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Nominee for CRA Board Getting Cool Response From Business

Nominee for CRA Board Getting Cool Response From Business

POLITICS

by Howard Fine

L.A. Mayor James Hahn’s nomination of living wage proponent Madeline Janis-Aparicio to fill a vacancy on the Community Redevelopment Agency board is not exactly a favorite choice among business advocates.

A hearing on the selection of Janis-Aparicio, a major force behind L.A.’s living wage ordinance and a host of other local living wage measures, is scheduled for Sept. 9 in the City Council’s Economic Development Committee. Her nomination could go before the entire City Council as early as next week.

Committee chair Eric Garcetti, Janis-Aparicio’s chief sponsor on the council, said he has more than the two-thirds vote necessary for confirmation.

Janis-Aparicio says she wants to see the living wage more broadly applied to redevelopment projects hardly a popular position among developers and others whose labor costs would go up.

In addition, some fear that Janis-Aparicio could delay approval of projects as they come before the CRA. That in turn could scare off potential developers.

But while business interests are not pleased with Hahn’s choice, no one wants to air their grievances in public for fear of retribution if she got on the board.

For her part, Janis-Aparicio denies being an ideologue.

“I’m not going to single-handedly push through the most bold living wage possible,” she said. “I’ll be one of seven board members, so I’m going to have to be a team player.”

Garcetti echoed this. “I didn’t recommend her to Mayor Hahn so she could dictate where the CRA goes,” he said. “Rather, she’s somebody who has fought for economic and social justice, and that’s an essential part of the debate that must take place on the board.”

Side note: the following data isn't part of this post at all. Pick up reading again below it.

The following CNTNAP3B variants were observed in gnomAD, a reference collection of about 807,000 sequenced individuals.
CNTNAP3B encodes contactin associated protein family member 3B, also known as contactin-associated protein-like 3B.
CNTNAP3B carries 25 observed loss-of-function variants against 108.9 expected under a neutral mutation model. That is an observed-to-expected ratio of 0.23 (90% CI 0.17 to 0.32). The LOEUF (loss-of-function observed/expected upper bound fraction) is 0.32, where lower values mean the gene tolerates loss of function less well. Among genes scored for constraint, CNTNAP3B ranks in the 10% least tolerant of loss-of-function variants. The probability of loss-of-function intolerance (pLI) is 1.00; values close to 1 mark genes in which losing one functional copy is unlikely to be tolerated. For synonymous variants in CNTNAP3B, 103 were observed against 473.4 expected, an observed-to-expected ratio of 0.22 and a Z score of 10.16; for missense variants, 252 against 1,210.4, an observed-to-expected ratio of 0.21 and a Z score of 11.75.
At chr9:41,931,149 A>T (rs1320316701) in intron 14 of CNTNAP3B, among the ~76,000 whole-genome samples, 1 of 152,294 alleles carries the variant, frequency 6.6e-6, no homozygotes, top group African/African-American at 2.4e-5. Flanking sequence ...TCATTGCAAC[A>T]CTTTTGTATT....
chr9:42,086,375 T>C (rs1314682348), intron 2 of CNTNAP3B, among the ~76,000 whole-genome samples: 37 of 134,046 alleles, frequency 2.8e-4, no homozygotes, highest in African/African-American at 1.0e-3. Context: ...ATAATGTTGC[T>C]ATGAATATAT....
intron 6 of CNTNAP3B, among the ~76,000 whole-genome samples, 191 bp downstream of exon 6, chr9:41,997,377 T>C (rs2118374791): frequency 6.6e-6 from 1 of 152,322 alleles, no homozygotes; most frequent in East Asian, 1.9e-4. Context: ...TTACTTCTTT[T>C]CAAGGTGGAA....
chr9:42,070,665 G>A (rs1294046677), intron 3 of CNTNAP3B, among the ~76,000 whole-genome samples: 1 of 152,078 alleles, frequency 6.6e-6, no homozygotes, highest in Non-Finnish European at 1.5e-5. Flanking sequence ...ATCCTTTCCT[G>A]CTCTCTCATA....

Besides, Aparicio said she has some sensitivity to the concerns of developers. Before launching the living wage efforts, she was a land use attorney at the downtown law firm of Latham & Watkins.

L.A. City Councilwoman Jan Perry, considered by many to be an opponent of the Janis-Aparicio appointment, said last week she has yet to make up her mind. She said she wants to ensure that any new appointee will not throw up barriers to economic development projects proposed for her district and for the city in general. Broader application of the living wage, she said, has the potential to be such a barrier.

Splinter Group

The Hollywood Chamber of Commerce’s decision to oppose Hollywood secession has sparked a split in that business community.

Within hours of the chamber’s announcement, several business owners and chamber members held a rally in front of the chamber offices and subsequently formed a group called Hollywood Business Associates. Since then, membership in the group has grown to about three dozen, according to Ferris Wehbe, co-owner of the Hollywood Little Red School House and a co-founder of the HBA. (Last year, Wehbe lost a bid for the late John Ferraro’s L.A. City Council seat to Eric Garcetti.)

“This group was formed to provide service to the small merchants in Hollywood who are not well represented by the chamber,” Wehbe said.

Wehbe and others said the discontent had been brewing for some time, but it was the secession vote that pushed some of the small merchants into action.

“There was no active polling of the members on this issue and that’s what really gave this new group the kick-in-the-pants it needed to get started,” said Jeff Zarrinnam, general manager of the Ramada Inn and Conference Center in Hollywood and a candidate for Hollywood City Council.

Leron Gubler, president and chief executive of the Hollywood Chamber, said members have been polled each April for the last several years. “We asked the secession question three times, and three times there was no movement: it was 2-to-1 against secession,” he said.

Stafff reporter Howard Fine can be reached by phone at (323) 549-5225, ext. 227, or by e-mail at

hfine@labusinessjournal.com.

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